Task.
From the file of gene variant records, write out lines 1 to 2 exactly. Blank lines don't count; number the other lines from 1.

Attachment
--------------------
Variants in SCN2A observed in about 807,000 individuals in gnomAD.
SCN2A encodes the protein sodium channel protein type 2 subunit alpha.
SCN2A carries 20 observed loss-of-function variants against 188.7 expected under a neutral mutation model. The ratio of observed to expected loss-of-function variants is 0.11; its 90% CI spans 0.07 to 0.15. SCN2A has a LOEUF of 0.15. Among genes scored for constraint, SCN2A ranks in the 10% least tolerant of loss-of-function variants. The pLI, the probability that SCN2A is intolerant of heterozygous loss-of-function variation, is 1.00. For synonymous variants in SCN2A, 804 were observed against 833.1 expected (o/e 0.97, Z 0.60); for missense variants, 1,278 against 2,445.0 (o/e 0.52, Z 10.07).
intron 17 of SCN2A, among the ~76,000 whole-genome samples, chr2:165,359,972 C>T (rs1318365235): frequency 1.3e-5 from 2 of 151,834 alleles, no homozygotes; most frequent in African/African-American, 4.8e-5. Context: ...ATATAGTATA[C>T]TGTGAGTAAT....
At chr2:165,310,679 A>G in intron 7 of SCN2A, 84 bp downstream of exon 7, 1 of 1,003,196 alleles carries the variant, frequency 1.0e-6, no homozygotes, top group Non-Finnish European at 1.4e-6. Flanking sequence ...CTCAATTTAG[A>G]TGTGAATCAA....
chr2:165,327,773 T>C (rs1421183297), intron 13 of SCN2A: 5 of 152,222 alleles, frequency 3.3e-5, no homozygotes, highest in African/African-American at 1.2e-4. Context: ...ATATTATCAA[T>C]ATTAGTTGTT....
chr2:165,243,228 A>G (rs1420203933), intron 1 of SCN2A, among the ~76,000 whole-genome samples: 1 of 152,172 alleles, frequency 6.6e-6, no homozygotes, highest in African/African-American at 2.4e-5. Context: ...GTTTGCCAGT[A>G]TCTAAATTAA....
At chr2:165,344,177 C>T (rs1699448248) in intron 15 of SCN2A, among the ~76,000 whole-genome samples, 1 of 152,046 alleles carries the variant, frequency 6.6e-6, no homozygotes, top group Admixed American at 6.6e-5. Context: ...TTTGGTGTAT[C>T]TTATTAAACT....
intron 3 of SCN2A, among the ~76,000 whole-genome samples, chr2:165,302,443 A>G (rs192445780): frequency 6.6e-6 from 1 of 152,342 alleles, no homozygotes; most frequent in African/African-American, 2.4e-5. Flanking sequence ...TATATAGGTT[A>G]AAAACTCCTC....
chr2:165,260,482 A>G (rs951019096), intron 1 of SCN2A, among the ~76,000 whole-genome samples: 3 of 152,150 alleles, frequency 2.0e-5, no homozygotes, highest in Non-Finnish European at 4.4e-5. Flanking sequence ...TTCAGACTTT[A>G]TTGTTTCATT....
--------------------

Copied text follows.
Variants in SCN2A observed in about 807,000 individuals in gnomAD.
SCN2A encodes the protein sodium channel protein type 2 subunit alpha.